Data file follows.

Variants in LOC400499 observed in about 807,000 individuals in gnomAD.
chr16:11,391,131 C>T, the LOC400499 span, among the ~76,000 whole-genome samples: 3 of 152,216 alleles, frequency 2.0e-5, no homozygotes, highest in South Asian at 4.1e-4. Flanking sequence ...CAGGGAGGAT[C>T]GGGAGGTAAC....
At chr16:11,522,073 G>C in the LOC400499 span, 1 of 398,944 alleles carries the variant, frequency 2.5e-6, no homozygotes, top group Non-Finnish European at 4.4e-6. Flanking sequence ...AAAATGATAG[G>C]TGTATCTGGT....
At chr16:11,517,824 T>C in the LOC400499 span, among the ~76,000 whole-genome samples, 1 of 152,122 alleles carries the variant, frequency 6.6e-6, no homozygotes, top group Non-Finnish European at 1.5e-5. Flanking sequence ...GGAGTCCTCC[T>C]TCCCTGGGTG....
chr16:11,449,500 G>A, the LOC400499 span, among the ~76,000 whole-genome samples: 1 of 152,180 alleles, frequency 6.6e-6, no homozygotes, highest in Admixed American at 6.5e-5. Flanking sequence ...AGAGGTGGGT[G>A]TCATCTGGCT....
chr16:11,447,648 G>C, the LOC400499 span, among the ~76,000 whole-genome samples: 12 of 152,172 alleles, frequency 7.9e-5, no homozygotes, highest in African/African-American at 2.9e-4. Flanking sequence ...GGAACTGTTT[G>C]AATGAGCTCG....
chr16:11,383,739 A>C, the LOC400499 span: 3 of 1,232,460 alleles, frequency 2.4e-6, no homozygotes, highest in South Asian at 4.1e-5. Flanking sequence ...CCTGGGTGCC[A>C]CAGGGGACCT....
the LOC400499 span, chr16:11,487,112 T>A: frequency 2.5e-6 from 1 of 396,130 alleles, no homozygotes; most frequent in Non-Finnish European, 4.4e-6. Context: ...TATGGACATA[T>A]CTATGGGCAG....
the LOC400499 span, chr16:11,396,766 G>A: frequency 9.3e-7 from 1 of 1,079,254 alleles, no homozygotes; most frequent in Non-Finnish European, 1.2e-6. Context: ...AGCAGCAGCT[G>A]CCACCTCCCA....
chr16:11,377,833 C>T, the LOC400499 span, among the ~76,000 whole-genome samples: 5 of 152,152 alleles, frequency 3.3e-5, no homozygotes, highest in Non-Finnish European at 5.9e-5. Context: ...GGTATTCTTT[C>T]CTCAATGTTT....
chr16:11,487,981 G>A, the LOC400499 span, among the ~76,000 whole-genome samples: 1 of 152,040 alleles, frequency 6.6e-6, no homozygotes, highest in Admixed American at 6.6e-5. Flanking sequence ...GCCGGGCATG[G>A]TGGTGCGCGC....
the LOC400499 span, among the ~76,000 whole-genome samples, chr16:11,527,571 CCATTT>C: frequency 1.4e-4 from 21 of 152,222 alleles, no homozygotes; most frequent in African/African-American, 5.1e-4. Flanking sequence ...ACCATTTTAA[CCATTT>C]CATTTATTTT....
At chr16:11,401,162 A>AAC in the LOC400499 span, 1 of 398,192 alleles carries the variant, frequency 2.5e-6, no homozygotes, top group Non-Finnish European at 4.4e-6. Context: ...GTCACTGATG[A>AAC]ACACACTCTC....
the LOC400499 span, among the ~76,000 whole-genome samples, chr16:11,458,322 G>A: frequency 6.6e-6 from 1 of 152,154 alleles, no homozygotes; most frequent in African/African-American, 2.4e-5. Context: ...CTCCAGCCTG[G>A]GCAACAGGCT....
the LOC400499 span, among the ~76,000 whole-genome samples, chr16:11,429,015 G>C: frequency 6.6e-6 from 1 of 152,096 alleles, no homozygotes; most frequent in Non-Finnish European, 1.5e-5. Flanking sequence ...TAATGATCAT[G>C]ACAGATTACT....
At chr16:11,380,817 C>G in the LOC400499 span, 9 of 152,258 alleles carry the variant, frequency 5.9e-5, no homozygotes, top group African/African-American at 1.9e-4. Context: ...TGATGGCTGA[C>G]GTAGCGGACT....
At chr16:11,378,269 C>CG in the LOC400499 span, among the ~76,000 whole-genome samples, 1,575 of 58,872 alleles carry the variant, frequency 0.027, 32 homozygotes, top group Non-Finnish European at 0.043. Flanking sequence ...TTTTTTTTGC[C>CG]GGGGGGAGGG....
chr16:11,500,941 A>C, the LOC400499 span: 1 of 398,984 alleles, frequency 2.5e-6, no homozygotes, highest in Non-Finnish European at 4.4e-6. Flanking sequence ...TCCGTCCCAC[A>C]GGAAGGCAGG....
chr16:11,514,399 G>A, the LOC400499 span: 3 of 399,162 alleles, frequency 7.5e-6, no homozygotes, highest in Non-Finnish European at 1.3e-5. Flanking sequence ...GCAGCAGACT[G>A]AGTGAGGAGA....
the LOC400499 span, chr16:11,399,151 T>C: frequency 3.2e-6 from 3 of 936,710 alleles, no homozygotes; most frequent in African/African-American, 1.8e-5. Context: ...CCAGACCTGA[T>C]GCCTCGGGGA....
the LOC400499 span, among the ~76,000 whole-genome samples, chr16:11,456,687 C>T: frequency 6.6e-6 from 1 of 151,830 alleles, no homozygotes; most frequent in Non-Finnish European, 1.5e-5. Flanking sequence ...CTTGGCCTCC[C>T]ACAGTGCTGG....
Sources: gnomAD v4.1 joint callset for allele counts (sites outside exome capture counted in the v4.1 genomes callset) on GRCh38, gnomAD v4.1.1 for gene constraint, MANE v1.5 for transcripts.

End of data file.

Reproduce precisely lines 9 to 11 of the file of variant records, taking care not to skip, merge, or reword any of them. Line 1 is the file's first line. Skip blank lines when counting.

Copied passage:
the LOC400499 span, chr16:11,396,766 G>A: frequency 9.3e-7 from 1 of 1,079,254 alleles, no homozygotes; most frequent in Non-Finnish European, 1.2e-6. Context: ...AGCAGCAGCT[G>A]CCACCTCCCA....
chr16:11,377,833 C>T, the LOC400499 span, among the ~76,000 whole-genome samples: 5 of 152,152 alleles, frequency 3.3e-5, no homozygotes, highest in Non-Finnish European at 5.9e-5. Context: ...GGTATTCTTT[C>T]CTCAATGTTT....
chr16:11,487,981 G>A, the LOC400499 span, among the ~76,000 whole-genome samples: 1 of 152,040 alleles, frequency 6.6e-6, no homozygotes, highest in Admixed American at 6.6e-5. Flanking sequence ...GCCGGGCATG[G>A]TGGTGCGCGC....